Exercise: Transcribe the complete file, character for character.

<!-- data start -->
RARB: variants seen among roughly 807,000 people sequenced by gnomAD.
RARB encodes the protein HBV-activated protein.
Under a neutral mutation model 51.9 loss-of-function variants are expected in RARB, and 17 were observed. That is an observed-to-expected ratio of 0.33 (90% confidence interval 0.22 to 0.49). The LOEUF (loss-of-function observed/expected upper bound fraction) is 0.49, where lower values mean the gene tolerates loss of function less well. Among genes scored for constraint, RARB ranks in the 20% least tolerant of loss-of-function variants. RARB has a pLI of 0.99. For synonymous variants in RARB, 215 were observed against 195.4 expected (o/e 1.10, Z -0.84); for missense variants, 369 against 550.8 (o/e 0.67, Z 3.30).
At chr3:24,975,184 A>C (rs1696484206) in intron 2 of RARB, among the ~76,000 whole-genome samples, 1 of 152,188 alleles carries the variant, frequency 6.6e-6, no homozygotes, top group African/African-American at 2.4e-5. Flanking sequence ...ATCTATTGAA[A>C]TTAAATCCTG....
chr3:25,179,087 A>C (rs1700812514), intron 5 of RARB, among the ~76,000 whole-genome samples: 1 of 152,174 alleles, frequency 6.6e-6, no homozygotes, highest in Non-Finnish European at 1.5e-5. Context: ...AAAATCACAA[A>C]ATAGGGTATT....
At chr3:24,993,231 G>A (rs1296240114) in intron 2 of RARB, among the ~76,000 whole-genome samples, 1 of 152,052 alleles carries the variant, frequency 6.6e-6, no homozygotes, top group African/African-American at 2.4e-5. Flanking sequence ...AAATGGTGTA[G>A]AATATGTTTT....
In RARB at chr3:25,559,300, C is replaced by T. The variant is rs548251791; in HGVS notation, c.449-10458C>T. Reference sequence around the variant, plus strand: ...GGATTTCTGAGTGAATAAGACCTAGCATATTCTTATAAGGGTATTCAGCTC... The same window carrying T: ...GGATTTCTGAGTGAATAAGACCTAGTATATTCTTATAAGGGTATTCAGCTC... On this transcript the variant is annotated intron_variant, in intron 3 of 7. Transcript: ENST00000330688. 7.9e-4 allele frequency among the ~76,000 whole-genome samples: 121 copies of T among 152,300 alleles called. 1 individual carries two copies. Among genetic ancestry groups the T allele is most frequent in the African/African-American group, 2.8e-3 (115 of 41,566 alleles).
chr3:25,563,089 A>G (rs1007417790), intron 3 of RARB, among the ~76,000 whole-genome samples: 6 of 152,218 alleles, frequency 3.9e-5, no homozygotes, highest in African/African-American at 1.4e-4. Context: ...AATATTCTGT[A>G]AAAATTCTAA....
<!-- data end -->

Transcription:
RARB: variants seen among roughly 807,000 people sequenced by gnomAD.
RARB encodes the protein HBV-activated protein.
Under a neutral mutation model 51.9 loss-of-function variants are expected in RARB, and 17 were observed. That is an observed-to-expected ratio of 0.33 (90% confidence interval 0.22 to 0.49). The LOEUF (loss-of-function observed/expected upper bound fraction) is 0.49, where lower values mean the gene tolerates loss of function less well. Among genes scored for constraint, RARB ranks in the 20% least tolerant of loss-of-function variants. RARB has a pLI of 0.99. For synonymous variants in RARB, 215 were observed against 195.4 expected (o/e 1.10, Z -0.84); for missense variants, 369 against 550.8 (o/e 0.67, Z 3.30).
At chr3:24,975,184 A>C (rs1696484206) in intron 2 of RARB, among the ~76,000 whole-genome samples, 1 of 152,188 alleles carries the variant, frequency 6.6e-6, no homozygotes, top group African/African-American at 2.4e-5. Flanking sequence ...ATCTATTGAA[A>C]TTAAATCCTG....
chr3:25,179,087 A>C (rs1700812514), intron 5 of RARB, among the ~76,000 whole-genome samples: 1 of 152,174 alleles, frequency 6.6e-6, no homozygotes, highest in Non-Finnish European at 1.5e-5. Context: ...AAAATCACAA[A>C]ATAGGGTATT....
At chr3:24,993,231 G>A (rs1296240114) in intron 2 of RARB, among the ~76,000 whole-genome samples, 1 of 152,052 alleles carries the variant, frequency 6.6e-6, no homozygotes, top group African/African-American at 2.4e-5. Flanking sequence ...AAATGGTGTA[G>A]AATATGTTTT....
In RARB at chr3:25,559,300, C is replaced by T. The variant is rs548251791; in HGVS notation, c.449-10458C>T. Reference sequence around the variant, plus strand: ...GGATTTCTGAGTGAATAAGACCTAGCATATTCTTATAAGGGTATTCAGCTC... The same window carrying T: ...GGATTTCTGAGTGAATAAGACCTAGTATATTCTTATAAGGGTATTCAGCTC... On this transcript the variant is annotated intron_variant, in intron 3 of 7. Transcript: ENST00000330688. 7.9e-4 allele frequency among the ~76,000 whole-genome samples: 121 copies of T among 152,300 alleles called. 1 individual carries two copies. Among genetic ancestry groups the T allele is most frequent in the African/African-American group, 2.8e-3 (115 of 41,566 alleles).
chr3:25,563,089 A>G (rs1007417790), intron 3 of RARB, among the ~76,000 whole-genome samples: 6 of 152,218 alleles, frequency 3.9e-5, no homozygotes, highest in African/African-American at 1.4e-4. Context: ...AATATTCTGT[A>G]AAAATTCTAA....